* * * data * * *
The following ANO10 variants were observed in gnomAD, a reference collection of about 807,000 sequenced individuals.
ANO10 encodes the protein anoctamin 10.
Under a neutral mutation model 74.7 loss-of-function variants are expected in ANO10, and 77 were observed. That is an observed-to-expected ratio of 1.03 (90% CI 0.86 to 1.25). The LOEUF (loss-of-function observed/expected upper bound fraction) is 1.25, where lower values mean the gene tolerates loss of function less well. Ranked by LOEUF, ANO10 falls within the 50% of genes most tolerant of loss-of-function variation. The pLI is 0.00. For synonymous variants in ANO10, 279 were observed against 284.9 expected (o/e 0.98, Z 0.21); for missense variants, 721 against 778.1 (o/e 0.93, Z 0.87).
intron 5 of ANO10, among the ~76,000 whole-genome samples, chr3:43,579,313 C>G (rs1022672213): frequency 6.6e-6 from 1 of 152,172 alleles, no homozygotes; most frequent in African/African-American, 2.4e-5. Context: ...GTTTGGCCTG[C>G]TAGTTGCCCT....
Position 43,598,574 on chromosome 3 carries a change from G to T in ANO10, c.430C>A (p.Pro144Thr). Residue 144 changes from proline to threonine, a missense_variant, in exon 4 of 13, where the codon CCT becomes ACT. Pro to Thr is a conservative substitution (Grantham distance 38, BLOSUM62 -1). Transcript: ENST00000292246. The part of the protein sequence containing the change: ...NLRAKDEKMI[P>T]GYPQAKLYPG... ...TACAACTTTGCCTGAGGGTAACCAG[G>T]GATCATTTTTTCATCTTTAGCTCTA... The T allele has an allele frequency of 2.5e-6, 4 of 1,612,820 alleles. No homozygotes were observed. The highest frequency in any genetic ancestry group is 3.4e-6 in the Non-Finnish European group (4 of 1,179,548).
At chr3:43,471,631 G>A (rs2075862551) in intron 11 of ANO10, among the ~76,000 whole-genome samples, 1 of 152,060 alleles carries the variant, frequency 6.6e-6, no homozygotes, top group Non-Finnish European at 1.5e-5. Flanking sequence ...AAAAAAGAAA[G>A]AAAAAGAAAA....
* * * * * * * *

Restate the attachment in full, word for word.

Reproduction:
The following ANO10 variants were observed in gnomAD, a reference collection of about 807,000 sequenced individuals.
ANO10 encodes the protein anoctamin 10.
Under a neutral mutation model 74.7 loss-of-function variants are expected in ANO10, and 77 were observed. That is an observed-to-expected ratio of 1.03 (90% CI 0.86 to 1.25). The LOEUF (loss-of-function observed/expected upper bound fraction) is 1.25, where lower values mean the gene tolerates loss of function less well. Ranked by LOEUF, ANO10 falls within the 50% of genes most tolerant of loss-of-function variation. The pLI is 0.00. For synonymous variants in ANO10, 279 were observed against 284.9 expected (o/e 0.98, Z 0.21); for missense variants, 721 against 778.1 (o/e 0.93, Z 0.87).
intron 5 of ANO10, among the ~76,000 whole-genome samples, chr3:43,579,313 C>G (rs1022672213): frequency 6.6e-6 from 1 of 152,172 alleles, no homozygotes; most frequent in African/African-American, 2.4e-5. Context: ...GTTTGGCCTG[C>G]TAGTTGCCCT....
Position 43,598,574 on chromosome 3 carries a change from G to T in ANO10, c.430C>A (p.Pro144Thr). Residue 144 changes from proline to threonine, a missense_variant, in exon 4 of 13, where the codon CCT becomes ACT. Pro to Thr is a conservative substitution (Grantham distance 38, BLOSUM62 -1). Transcript: ENST00000292246. The part of the protein sequence containing the change: ...NLRAKDEKMI[P>T]GYPQAKLYPG... ...TACAACTTTGCCTGAGGGTAACCAG[G>T]GATCATTTTTTCATCTTTAGCTCTA... The T allele has an allele frequency of 2.5e-6, 4 of 1,612,820 alleles. No homozygotes were observed. The highest frequency in any genetic ancestry group is 3.4e-6 in the Non-Finnish European group (4 of 1,179,548).
At chr3:43,471,631 G>A (rs2075862551) in intron 11 of ANO10, among the ~76,000 whole-genome samples, 1 of 152,060 alleles carries the variant, frequency 6.6e-6, no homozygotes, top group Non-Finnish European at 1.5e-5. Flanking sequence ...AAAAAAGAAA[G>A]AAAAAGAAAA....